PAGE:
Rites of passage are as old as time, and today, many young kids go through it in some shape or form, be it bar mitzvah, sweet sixteen, or humiliating prom. But for the Satere Mawé Tribe, they force their boys to shove their hands into gloves full of ants that inflict painful bites. They wear the gloves twenty times for ten minutes each time as they dance around. The ants are not any normal house ant but the bullet ant, an ant that got its name because its bite feels like being shot by a bullet.

16

Endocannibalism

new guineaSource: http://blog.sevenponds.com/cultural-perspectives/the-little-known-ritual-of-endocannibalism

In Papua New Guinea, the Fore tribe performed endocannibalism for years. Endocannibalism is the act of consuming a family member after they have passed away as a religious act or ritual. Many times this is done out of respect, believing they absorb that individual.

15

Carrying Wife Over Burning Coals

burning coalsSource: http://photogallery.indiatimes.com/news/world/bizarre-traditions-across-the-world/articleshow/42881489.cms

In China, one ritual has a husband carry his pregnant wife over coals with nothing but his bare feet. It’s believed this act will allow her to have a successful delivery.

14

The Sun Dance

sun danceSource: https://www.thoughtco.com/the-native-american-sun-dance-2562245

The Sun Dance is a long and complicated Native American ritual performed primarily by the plains people. It involved a lot of prayer and fasting followed by young warriors lacerating their skin and dancing until they passed out. This was said to honor the sun and also test the endurance of the young warriors. Many Native American tribes still practice this ritual today.

13

Living with the Dead

trojoanSource: http://www.independent.co.uk/news/world/asia/indonesia-village-dead-corpses-dress-up-toraja-indonesia-south-sulawesi-alive-annual-festival-a7694541.html

For ages, every culture has had their own burial rituals. But Indonesia’s Torajan people do something else; they keep the corpses of the deceased to live at home with them for years. They wash and change the corpses daily and even give them a bowl that acts as their toilet. Their bodies are injected with Formulin to stop decomposing.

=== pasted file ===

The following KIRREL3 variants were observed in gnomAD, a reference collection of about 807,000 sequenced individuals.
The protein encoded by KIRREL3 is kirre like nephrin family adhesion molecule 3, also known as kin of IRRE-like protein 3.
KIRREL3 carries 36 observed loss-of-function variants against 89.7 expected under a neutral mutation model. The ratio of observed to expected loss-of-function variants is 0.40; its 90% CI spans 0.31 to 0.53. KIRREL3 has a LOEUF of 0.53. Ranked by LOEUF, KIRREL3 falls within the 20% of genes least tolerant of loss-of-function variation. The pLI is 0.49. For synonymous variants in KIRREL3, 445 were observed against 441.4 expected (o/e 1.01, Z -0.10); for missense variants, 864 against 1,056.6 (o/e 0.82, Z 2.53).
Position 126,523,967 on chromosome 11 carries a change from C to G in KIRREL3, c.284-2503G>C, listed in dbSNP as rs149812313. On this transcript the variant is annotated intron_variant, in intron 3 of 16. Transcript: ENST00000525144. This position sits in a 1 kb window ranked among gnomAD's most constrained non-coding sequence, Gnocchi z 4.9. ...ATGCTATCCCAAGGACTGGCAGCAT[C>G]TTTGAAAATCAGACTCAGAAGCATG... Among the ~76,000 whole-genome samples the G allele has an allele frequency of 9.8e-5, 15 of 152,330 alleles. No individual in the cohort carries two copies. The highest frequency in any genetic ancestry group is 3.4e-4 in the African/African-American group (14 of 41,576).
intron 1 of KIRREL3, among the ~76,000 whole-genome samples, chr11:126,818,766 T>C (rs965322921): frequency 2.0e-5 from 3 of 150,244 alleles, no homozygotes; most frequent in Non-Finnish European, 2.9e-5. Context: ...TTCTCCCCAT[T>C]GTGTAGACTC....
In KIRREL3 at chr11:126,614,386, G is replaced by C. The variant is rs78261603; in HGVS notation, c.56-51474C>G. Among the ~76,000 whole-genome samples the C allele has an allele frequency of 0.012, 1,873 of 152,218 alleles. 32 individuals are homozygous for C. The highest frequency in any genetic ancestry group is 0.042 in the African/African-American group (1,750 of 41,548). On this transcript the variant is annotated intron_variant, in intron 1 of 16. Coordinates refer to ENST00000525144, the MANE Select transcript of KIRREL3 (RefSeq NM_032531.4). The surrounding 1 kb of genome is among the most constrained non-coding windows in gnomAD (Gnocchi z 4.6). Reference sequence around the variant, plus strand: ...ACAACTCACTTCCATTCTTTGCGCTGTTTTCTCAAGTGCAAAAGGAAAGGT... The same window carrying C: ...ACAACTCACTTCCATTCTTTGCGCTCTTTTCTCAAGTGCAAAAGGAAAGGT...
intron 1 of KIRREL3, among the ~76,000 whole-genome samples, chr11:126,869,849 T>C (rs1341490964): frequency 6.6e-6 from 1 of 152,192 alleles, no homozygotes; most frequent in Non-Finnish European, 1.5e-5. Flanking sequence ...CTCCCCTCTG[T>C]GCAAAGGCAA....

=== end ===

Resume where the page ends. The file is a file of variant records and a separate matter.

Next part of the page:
12

Land Diving

land divingSource: https://news.nationalgeographic.com/news/2002/11/1125_021126_TVVanuatu.html

Another weird and dangerous rite of passage can be found on Pentecost Island in the village of Loltafala. A boy straps a rope around his ankle and jumps off a wooden tower around 75 feet (25 meters) high. But this isn’t bungee jumping. Usually, the boys hit the ground below, and while few have died from it, many have had ruptured spleens or other internal damage.

11

Sky Burial

sky burialSource: https://www.atlasobscura.com/articles/sky-burial

In Tibet, sky burial is the act of dragging a dead body up a mountain, chopping it up into pieces, and leaving it out to the elements. Usually, it’s eaten by vultures. For Buddhists there, once you’re dead, your body is an empty shell and giving it to other living creatures is an act of kindness.

10

Famadihana

famadihanaSource: https://www.cnn.com/2016/10/18/travel/madagascar-turning-bones/index.html

In Madagascar, the Merina tribe exhume their dead relatives and dance with their corpses. It’s part of a ceremony called “Famadihana,” or the turning of the sacred bones. They believe their ancestors serve as intermediaries between the living and God.

9

Self-Flagellation

ashuraSource: https://www.huffingtonpost.com/entry/why-some-muslims-self-flagellate-on-this-religious-holiday_us_57fd4ae7e4b044be3015c5eb

Ashura is a Muslim day of fasting and commemorates different things for Sunni and Shiite Muslims. However, Shiite Muslims perform gruesome acts of self-flagellation as a sign of mourning. Some use whips, chains, or use swords to bash themselves in the head.

8

The Crocodile Cult

Tambunum_villageSource: https://www.usatoday.com/story/news/nation-now/2016/06/02/crocodile-scars-rite-passage-papua-new-guinea/85304688/

In Papua New Guinea, as part of a rite of passage, a boy will go into a Hans Tambaran, or a hut, and his skin will be cut and scarred to look like a crocodile. The ritual is a symbol of a boy being eaten by a crocodile and coming back to life as a man.

7

Cambodian Love Huts

kreungSource: http://www.vancourier.com/living/cambodian-love-huts-finding-sexual-empowerment-deep-in-the-jungle-1.2054528